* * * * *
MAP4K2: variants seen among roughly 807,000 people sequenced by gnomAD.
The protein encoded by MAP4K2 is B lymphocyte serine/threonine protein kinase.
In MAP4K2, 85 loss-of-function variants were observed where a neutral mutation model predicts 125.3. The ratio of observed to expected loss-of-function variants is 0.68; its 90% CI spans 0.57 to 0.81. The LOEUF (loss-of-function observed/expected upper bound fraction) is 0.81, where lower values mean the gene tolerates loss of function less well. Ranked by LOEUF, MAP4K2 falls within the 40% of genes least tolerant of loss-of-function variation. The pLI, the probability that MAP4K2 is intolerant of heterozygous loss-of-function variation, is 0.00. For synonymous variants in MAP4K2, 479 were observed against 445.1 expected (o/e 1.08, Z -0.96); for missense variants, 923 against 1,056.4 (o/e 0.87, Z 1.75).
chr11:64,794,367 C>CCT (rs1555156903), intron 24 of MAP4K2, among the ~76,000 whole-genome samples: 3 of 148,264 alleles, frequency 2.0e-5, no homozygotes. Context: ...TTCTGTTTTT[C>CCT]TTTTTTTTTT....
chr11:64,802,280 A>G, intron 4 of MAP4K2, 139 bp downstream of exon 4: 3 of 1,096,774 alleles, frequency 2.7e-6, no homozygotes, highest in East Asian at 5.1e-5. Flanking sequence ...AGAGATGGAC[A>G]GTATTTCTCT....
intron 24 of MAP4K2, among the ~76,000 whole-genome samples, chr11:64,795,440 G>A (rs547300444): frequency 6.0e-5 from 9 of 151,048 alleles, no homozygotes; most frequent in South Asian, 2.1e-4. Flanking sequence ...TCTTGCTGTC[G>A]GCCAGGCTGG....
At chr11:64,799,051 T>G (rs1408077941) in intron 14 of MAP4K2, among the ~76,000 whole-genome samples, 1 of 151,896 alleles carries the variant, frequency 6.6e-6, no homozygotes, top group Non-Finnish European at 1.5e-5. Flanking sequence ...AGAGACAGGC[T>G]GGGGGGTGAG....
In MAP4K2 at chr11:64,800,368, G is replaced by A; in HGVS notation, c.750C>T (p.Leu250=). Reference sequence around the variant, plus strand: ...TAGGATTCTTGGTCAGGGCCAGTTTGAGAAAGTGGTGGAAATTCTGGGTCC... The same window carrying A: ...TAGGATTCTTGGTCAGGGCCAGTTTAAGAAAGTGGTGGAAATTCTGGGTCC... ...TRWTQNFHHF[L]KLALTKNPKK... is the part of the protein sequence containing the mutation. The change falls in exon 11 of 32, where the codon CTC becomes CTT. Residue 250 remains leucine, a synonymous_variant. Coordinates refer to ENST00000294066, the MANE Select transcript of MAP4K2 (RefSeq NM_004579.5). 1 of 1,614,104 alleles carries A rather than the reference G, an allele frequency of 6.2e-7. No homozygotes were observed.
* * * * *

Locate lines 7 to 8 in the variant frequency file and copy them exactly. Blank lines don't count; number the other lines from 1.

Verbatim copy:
At chr11:64,799,051 T>G (rs1408077941) in intron 14 of MAP4K2, among the ~76,000 whole-genome samples, 1 of 151,896 alleles carries the variant, frequency 6.6e-6, no homozygotes, top group Non-Finnish European at 1.5e-5. Flanking sequence ...AGAGACAGGC[T>G]GGGGGGTGAG....
In MAP4K2 at chr11:64,800,368, G is replaced by A; in HGVS notation, c.750C>T (p.Leu250=). Reference sequence around the variant, plus strand: ...TAGGATTCTTGGTCAGGGCCAGTTTGAGAAAGTGGTGGAAATTCTGGGTCC... The same window carrying A: ...TAGGATTCTTGGTCAGGGCCAGTTTAAGAAAGTGGTGGAAATTCTGGGTCC... ...TRWTQNFHHF[L]KLALTKNPKK... is the part of the protein sequence containing the mutation. The change falls in exon 11 of 32, where the codon CTC becomes CTT. Residue 250 remains leucine, a synonymous_variant. Coordinates refer to ENST00000294066, the MANE Select transcript of MAP4K2 (RefSeq NM_004579.5). 1 of 1,614,104 alleles carries A rather than the reference G, an allele frequency of 6.2e-7. No homozygotes were observed.